Team McCallum

R&D for Lifetime of Life

Omega-3 slows Alzheimer’s?

Dr Jospeph F Quinn reported in the Journal of the American Medical Association on findings from a study of 300 adults with mild to moderate Alzheimer’s and the impact of one omega-3 component, DHA, on progression of the disease. The research team concluded “Supplementation with DHA compared with placebo did not slow the rate of cognitive and functional decline in patients with mild to moderate Alzheimer disease.”

This is the angle the media appears to be running with, but the full story is somewhat different. Those people with the APOE4 genetic variation associated with inherited Alzheimer’s got no benefit. Those without appeared to gain some benefit from the DHA.

Omega-3 comes in 3 forms. ALA is common in plant sources and humans can convert this to the other 2 forms, but only inefficiently. So we need to get the other two forms EPA and DHA from food, and the main source is oily fish (or supplements).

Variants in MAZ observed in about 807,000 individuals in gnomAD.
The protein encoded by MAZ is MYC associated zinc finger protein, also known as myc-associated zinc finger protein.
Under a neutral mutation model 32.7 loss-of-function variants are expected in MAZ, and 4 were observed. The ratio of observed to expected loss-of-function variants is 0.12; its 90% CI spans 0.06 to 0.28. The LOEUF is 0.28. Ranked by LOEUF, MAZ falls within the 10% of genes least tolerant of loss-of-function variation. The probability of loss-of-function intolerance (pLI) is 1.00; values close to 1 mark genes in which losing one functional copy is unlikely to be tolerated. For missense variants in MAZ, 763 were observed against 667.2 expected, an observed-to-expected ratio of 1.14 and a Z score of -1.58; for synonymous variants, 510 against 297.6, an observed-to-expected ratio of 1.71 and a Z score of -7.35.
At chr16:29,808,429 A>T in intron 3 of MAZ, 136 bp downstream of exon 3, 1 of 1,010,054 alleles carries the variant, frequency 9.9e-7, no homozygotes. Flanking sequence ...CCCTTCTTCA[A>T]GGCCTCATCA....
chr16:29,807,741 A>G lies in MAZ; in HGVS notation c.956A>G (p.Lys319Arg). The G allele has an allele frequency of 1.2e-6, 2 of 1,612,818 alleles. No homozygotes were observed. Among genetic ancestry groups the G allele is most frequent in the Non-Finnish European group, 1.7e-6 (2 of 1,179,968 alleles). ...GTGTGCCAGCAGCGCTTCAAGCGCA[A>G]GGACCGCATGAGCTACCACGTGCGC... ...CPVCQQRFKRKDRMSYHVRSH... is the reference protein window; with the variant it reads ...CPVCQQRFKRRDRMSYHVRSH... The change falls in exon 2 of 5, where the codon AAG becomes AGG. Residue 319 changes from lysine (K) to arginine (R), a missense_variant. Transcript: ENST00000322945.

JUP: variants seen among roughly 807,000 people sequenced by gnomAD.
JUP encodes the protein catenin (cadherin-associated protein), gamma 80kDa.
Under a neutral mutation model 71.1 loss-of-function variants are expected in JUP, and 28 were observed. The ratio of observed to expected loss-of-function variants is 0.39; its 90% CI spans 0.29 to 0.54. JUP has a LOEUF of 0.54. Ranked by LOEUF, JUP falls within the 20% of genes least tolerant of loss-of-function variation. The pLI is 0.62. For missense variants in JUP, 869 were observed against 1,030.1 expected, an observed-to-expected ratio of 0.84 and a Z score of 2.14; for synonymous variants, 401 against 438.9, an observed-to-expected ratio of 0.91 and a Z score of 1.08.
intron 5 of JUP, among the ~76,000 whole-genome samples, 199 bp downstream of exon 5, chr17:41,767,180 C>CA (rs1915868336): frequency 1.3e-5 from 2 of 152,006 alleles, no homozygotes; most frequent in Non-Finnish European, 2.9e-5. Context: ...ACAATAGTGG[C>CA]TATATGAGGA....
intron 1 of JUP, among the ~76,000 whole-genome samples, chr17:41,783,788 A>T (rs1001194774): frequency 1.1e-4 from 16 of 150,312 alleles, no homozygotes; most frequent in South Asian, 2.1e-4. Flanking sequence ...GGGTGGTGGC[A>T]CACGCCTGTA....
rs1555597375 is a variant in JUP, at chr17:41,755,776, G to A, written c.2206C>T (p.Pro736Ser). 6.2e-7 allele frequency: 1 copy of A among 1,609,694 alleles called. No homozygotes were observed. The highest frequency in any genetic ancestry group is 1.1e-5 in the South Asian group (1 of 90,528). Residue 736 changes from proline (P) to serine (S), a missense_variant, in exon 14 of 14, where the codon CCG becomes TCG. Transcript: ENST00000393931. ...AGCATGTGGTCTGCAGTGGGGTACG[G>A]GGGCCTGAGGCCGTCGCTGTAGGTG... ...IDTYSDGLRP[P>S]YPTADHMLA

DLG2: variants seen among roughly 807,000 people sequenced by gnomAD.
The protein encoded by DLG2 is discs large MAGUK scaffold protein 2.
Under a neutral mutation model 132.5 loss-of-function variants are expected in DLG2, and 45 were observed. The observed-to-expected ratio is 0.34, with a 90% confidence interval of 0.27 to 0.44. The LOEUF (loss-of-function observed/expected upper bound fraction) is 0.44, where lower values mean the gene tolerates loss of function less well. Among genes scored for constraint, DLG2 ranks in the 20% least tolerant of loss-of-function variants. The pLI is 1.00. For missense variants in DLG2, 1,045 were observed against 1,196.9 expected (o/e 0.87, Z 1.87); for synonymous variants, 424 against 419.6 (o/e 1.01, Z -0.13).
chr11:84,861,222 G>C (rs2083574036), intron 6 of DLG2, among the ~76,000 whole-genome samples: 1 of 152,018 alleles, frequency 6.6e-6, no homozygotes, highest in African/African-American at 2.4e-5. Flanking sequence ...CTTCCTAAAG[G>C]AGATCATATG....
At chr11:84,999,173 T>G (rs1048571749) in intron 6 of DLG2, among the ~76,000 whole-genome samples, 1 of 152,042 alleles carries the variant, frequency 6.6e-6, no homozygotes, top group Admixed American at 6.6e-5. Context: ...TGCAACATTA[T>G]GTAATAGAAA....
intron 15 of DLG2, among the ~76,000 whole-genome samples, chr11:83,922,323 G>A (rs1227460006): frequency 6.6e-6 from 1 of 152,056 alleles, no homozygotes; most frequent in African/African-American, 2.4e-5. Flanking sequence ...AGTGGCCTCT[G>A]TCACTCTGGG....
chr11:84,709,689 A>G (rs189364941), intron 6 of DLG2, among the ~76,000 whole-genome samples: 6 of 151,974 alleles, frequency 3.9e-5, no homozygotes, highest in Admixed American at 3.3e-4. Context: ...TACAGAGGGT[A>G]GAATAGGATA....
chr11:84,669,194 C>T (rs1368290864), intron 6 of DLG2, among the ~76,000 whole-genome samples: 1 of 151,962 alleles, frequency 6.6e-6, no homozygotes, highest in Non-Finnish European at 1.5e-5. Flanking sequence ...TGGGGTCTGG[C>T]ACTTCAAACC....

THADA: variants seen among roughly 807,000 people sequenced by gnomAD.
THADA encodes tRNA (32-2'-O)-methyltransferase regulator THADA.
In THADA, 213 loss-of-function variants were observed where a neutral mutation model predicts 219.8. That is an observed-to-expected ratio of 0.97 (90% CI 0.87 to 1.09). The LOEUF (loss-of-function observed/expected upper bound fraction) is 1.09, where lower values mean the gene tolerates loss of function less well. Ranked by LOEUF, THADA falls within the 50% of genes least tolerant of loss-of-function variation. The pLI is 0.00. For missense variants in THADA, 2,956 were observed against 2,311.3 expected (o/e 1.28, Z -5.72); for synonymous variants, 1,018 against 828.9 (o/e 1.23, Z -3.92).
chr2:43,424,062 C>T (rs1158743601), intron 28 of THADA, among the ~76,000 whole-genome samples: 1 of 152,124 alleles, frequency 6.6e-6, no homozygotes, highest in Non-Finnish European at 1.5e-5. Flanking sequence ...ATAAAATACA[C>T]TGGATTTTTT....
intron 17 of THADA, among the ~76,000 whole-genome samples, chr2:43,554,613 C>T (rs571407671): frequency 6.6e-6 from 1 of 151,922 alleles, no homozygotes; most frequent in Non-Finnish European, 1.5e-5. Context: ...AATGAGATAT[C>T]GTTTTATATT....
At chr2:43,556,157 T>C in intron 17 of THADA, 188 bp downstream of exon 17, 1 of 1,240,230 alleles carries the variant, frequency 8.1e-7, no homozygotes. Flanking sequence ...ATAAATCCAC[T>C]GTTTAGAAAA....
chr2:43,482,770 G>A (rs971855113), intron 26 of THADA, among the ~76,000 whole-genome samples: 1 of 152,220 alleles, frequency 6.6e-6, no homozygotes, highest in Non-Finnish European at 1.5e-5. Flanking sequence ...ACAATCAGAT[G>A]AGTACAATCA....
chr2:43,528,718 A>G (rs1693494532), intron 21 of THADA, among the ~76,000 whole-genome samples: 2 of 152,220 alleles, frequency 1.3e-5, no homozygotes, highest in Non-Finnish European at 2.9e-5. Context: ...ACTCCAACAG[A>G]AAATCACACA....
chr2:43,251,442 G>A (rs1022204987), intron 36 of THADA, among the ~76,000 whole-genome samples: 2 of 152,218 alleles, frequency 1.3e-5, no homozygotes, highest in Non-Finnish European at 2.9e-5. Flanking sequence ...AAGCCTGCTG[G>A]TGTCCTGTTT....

Prior studies have shown the following. EPA is virtually absent from the brain. DHA is present in large quantities, necessary for brain function and is seen in depleted levels in people with Alzheimer’s.  Six studies have shown that consumption of fish is associated with a reduced risk of cognitve decline and dementia.  Animal studies have shown that DHA supplementation is associated with less amyloid-beta plaques and other damage. Further, the studies are at levels of supplementation which take DHA well above the average found in the US population. Hence the focus on DHA.

The dose used here provided approximately one gram of DHA per day, and blood tests showed it pushed up DHA blood levels significantly.

A battery of tests was administered over the 18 month trial period.

When considering the DHA group as a whole, it appeared to have minor benefits over the placebo group, but so small as to not be clinically significant, hence the authors’ conclusion. 

However, when considering only those without the ‘bad’ APOE4 variation, some of the tests showed better results for the DHA group, while others were not statistically significant. Three other studies have also found that omega-3 works, but only for the non-APOE4 people.

One further point raised by the study authors is that research has shown that DHA works better if administered together with an anti-oxidant (as otherwise the DHA can be oxidised).  Dr Quinn’s study used DHA without an anti-oxidant so the full story has yet to be told.

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November 2, 2010 - Posted by | Alzheimer's, APOE, Omega-3, Success

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